For those of us who would list “visiting bookshops” as one of our hobbies, the last few years have been difficult. Even when restrictions have eased, and we may have felt confident to venture out, not all of us have been able to get into bookshops owing to mobility problems and challenging access. In this series I celebrate the shops that I can actually enter and get round on Morgan, my trusty powerchair.
Today I am featuring a shop within a shop – a garden centre at RHS Harlow Carr. We actually first discovered it in 2020, when meeting in the gardens for a legal, socially distanced picnic with our adult offspring who we had not seen for months. Venturing into the garden centre I expected the usual – piles of gardening books, maybe a few puzzle books, the usual thing. I entered via the Gardening section, only to discover that the area was in fact a small but well stocked bookshop, with new fiction and non fiction, an older collection of fiction with many interesting titles, biography, history and even specific crime fiction. After months of ordering books on the phone and online it was lovely to actually be able to handle and choose books in real life! As you can see from the photos, the books are well organised in a relatively spacious designated area so my more recent trip was very enjoyable. There are now several entrances to the building, all on the flat, – there is a slope at one side of the bookshop which is said not to be wheelchair friendly – I could manage it but it is mentioned in the accessibility statement.I am not sure who is in charge of book buying, but there is an excellent selection available whenever I visit. Thank you Harlow Carr!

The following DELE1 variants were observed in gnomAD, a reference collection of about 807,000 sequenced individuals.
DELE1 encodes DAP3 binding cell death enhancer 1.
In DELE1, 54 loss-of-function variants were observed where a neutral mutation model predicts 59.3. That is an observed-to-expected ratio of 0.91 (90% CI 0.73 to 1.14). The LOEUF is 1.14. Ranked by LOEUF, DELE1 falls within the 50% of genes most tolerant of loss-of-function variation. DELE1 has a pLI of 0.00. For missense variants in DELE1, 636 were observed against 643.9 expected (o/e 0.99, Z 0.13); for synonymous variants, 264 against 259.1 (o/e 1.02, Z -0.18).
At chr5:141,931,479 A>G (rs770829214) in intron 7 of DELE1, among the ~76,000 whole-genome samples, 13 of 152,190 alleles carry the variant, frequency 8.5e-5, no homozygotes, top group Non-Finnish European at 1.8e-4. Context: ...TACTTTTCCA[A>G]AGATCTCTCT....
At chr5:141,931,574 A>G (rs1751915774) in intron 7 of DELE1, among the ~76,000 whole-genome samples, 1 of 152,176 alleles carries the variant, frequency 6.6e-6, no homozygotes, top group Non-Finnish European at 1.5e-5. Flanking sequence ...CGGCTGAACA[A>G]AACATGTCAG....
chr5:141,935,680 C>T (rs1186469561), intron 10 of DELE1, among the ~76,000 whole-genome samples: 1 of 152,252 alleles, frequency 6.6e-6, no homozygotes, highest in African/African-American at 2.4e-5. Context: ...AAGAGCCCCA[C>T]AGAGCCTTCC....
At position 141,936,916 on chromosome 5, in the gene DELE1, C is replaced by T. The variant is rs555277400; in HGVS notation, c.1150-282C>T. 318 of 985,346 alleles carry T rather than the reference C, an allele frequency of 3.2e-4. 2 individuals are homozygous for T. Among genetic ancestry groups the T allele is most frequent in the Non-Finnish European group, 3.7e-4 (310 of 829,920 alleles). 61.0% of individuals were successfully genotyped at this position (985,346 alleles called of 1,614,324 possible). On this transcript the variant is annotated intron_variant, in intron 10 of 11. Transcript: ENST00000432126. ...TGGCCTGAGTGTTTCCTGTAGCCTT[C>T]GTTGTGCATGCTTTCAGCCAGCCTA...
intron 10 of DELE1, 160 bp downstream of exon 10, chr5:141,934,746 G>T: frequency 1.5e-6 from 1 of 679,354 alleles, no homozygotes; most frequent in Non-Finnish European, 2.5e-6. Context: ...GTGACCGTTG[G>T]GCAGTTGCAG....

One of my favourite book shops since I was eighteen is Heffers Bookshop in Cambridge. Now it is actually part of the Blackwells group, but I think it retains much of the flavour of an independent shop. It is accessible for Morgan, my trusty powerchair, thanks to a wide automatic doorway and a smaller one down a side entrance. Inside the shop itself there are several levels which can be accessed via small lifts which fortunately work well. The front section, at least at this time of year, is devoted to new books and a good selection of older books chosen by the booksellers. The fiction section is big, and includes books from small publishers such as Slightly Foxed. My favourite department is Crime. Richard has been there for over forty years, and the selection of books goes far beyond contemporary crime. There is an incredible choice of literary crime, “cosy” crime and Golden Age Detection. There is a full set of British Library Crime Classics, as well as more obscure reprints of novels of the mid twentieth century which Richard has discovered and promoted. Altogether it is possible to spend a lot of money there…All the staff are friendly and helpful, and I have spent many hours there whenever I have been able to get to Cambridge.